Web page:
Shakespeare or Space Wars opens in less than a week! As the Players put the finishing touches on props, costumes and scenery… and even our script… we want to share an inspiration that has had a big influence on those essential elements of the play: Little Monster’s Mother Goose by Mercer Mayer. It’s a children’s book that features monster-creatures putting on a play — not unlike the Players!
Little Monster’s Mother Goose was published in 1979, meaning it was just in time for Madame D’s childhood bedtime reading list. And it must have had an impact… Little Monster must be convinced to put on a play, and how the play happens — including what happens in the audience — is more interesting than the nursery rhymes themselves.
In fact, it’s almost impossible to read this book in any sort of linear or methodical fashion — visual and word puns are scattered about, and the pleasure in reading it is seeking them out and finding something you hadn’t seen before.
What’s more, none of the characters can let an opportunity for a comment, question, or delicious opportunity to lap up spilled milk pass them by.
The audience is having a great time, too — even if they’re not behaving “properly.” 🙂
We hope you’ll be part of our audience for Shakespeare or Space Wars September 10-24!
An interview with Rebecca & Joan
Rebecca and Joan — who when not embodying Mdme. Directrix and Thumper, respectively, are the SPPP’s producing organization, Idiot String — sat down after one of the final Aesop Amuck rehearsals with none other than Sam Bertken (a.k.a. Meekins) to talk about their inspirations for both Aesop Amuck and the Peripatetic Players’ debut adventure, O Best Beloved.* Sam writes for S.F. Theater Pub,** a great blog about theatre and the independent theatre scene in the Bay Area that is run by producer, playwright & director Stuart Bousel.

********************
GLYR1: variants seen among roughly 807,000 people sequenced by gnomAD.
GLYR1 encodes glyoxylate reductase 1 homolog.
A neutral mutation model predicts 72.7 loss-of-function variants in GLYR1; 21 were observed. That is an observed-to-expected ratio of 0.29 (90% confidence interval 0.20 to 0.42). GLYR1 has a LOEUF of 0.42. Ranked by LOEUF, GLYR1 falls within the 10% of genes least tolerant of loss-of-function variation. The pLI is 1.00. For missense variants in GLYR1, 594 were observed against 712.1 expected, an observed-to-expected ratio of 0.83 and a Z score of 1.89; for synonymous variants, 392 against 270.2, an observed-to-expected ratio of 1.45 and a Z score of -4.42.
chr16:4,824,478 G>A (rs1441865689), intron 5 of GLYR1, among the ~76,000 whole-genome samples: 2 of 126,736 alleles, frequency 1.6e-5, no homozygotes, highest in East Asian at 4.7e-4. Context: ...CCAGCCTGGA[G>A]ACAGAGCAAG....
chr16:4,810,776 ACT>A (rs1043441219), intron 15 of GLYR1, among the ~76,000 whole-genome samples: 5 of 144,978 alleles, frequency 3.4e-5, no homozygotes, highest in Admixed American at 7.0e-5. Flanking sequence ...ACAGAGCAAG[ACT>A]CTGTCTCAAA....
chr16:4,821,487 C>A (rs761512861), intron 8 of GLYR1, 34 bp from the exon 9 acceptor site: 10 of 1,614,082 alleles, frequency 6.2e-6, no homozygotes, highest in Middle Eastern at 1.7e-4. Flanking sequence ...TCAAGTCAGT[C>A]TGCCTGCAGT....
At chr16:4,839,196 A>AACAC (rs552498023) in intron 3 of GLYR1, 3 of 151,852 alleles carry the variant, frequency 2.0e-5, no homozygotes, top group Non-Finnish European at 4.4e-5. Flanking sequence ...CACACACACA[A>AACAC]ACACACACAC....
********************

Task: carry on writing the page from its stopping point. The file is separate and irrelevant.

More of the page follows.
We talked about influences like Mercer Mayer & Maurice Sendak, the Muppets, and Medieval & Renaissance theatre, as well as why performing on FluxWagon and breaking the fourth wall are so important to us. Read the interview here!
*Please note there are a couple words bleeped out with asterisks in this article that, if unbleeped, would be inappropriate for young audiences!
**Please also note that the content of S.F. Theatre Pub in general is aimed at adult audiences, and some topics elsewhere on the site may not be appropriate for kiddos.
Guess what else?
We have three more shows — including today’s 5pm performance in Pleasanton
There’s still time to donate to our Kickstarter Campaign — until late Monday night!
Thanks to the Library of Congress, many of Aesop’s fables are online in a gorgeous, interactive edition with illustrations by Milo Winter.
Google Books also has many electronic editions of Aesop collections, including a free public domain volume illustrated by Harrison Weir.
There’s a searchable collection at www.aesopfables.com, which also includes fairy tales from Hans Christian Andersen and others. This is likely the most extensive collection, and you’ll find many fables that are nearly identical but with slight variations in the details.
Who was Aesop anyway? Wikipedia can tell you a little more about who he might have been. But no writings attributed directly to “Aesop” survive. We do know that many philosophers and poets, including Aristophanes and Sophocles, knew of Aesop’s stories; Sophocles composed some of them into verse poems. We also know Aesop didn’t write down any of the morals; the lesson of each story was thought to be clear without articulating it, but later authors have added them and today we recognize many familiar aphorisms in the morals of “Aesop’s Fables.”
And for more images, head to Wikimedia Commons for a wealth of public domain illustrations from historical editions of the fables.
A Wenceslas Hollar illustration found at Wikimedia Commons